DEAR NATALIE: I made a big mistake three months ago with my (now) ex-boyfriend. I’m 28 and he’s 30. He wanted to move in together, but I didn’t think we were ready. We had only been dating a little over a year. Since our relationship wasn’t “heading anywhere,” he dumped me two months later. I never wanted to break up and I have been really upset about it for months. He hasn’t been seeing anyone else, or at least I don’t think so, and I was wondering if you think it is a good idea to try to get him back? I am willing to move in together, but do you think it is too late? --MISSED OPPORTUNITY
DEAR MISSED OPPORTUNITY: Sometimes, it is all about timing. In this case, it was just the wrong time in your life for that next step. I believe in second chances, and if you both want to give it another go, then go for it. Having that time apart has made you realize that you did want to be with him. Just ask him to get together and share what is on your heart. Be prepared that he may still feel hurt by what happened, but time does heal. He may have taken this time to reflect on his feelings, too. If he hasn’t seen anyone since your break up, it may be because he wasn’t ready to really let you go. Since you are ready to move in, a one year lease is a good way to see whether this is the real deal before you decide to buy a home together. Give yourself four seasons to learn about what it is like to live together and then take it from there. Remember, open communication and trust can do wonders for a relationship, but having the same vision of the future will enable you to go the distance. This time, it seems as though you are on the same page.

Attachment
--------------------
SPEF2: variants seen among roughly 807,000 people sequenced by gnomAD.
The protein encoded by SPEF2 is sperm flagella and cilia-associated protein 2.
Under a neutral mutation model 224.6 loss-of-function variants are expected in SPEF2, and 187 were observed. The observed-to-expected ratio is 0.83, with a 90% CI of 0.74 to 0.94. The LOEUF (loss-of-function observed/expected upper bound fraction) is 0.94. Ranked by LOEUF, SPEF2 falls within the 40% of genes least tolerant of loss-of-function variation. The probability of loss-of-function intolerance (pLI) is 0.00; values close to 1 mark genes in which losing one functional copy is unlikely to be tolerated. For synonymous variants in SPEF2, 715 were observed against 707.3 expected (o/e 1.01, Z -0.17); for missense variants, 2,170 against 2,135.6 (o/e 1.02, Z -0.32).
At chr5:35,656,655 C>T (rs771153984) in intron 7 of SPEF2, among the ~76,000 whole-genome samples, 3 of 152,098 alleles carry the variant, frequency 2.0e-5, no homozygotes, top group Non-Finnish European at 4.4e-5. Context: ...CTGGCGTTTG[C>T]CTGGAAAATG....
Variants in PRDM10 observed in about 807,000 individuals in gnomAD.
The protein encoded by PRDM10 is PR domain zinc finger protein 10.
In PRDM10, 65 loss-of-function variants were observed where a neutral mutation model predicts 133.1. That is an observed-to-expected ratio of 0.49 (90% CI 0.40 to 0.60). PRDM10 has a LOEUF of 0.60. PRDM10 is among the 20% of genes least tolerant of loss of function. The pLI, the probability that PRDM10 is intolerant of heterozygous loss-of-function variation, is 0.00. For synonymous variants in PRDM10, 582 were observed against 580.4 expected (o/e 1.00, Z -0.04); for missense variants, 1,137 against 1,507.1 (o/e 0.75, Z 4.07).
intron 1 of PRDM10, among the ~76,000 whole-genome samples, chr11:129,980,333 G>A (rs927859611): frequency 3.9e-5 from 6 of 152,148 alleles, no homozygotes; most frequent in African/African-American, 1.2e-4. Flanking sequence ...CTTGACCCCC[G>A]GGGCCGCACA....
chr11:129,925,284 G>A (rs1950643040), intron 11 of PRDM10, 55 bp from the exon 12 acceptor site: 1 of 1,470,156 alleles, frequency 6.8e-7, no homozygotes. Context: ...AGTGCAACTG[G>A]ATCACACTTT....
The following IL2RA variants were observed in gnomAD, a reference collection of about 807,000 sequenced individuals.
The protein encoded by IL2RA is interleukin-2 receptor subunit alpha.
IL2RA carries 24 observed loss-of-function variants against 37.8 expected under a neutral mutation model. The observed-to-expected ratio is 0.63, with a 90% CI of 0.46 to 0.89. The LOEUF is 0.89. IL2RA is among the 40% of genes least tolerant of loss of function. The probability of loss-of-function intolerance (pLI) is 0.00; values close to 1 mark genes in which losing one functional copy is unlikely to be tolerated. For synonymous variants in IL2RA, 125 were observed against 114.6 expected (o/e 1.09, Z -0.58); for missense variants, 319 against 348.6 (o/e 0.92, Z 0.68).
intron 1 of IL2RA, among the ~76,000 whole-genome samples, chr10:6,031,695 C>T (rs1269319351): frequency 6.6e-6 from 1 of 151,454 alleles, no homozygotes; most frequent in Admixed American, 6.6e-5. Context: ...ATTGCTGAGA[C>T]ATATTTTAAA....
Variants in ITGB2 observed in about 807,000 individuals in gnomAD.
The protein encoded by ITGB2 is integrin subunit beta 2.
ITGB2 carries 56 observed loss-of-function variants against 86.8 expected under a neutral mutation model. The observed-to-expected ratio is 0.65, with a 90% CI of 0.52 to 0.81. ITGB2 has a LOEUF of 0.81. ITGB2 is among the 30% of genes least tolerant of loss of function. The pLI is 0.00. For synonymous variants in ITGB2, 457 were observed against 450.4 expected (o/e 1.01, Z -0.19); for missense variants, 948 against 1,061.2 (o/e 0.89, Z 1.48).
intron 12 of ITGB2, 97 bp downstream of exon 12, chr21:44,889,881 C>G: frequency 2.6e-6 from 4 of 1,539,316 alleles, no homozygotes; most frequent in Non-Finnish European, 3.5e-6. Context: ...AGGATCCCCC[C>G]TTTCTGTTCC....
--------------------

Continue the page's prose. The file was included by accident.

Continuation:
DEAR NATALIE: I recently got engaged and went to have my ring insured. He looked at my diamond and told me that it was actually a cubic zirconium. I was truly embarrassed. My fiance had surprised me with the ring and I cannot believe that he did this. When I confronted him about it, he just shrugged it off, saying a real diamond ring that size would’ve cost him a small fortune and what’s the difference, anyway? He said that the ring looks real, and my girlfriends will never know. But I don’t think he understands why I’m upset. I am upset because I feel lied to. I am ready to call the whole thing off. What do you think I should do? --FAKED OUT
DEAR FAKED OUT: File this under “bride-to-be-worst-nightmare”. Having your engagement ring turn out to be a fake is not exactly the way you want to start a life together. People may scoff at this and call you “shallow” or “materialistic” but the symbol of what this ring stands for is important. This is a symbol of your love and commitment to one another. To have it be a fake may make you feel as though your relationship is a fraud, too. Now, there is nothing inherently wrong with a cubic zirconium. It’s the fact that he didn’t tell you that it wasn’t a diamond. He let you believe that it was. I wouldn’t want to start a life with someone who is so willing to lie to me to make things easier on himself. What else could he be lying to you about? I would think long and hard where to go from here. Personally, I would be edging towards the door.
Natalie's Networking Tip of the Week: It’s easier than you think to build connections. While we isolate ourselves in the digital world, sometimes all it takes is a smile and “How are you?” to remind your neighbors that you can become friends, too.
Please send your questions to Natalie Bencivenga to her email, firstname.lastname@example.org; or through postal mail to Natalie Bencivenga, 358 North Shore Dr., Pittsburgh, PA 15212. Follow her on Twitter at @NBSeen and on Instagram @NatalieBenci
(This column was originally published by the Pittsburgh Post-Gazette.)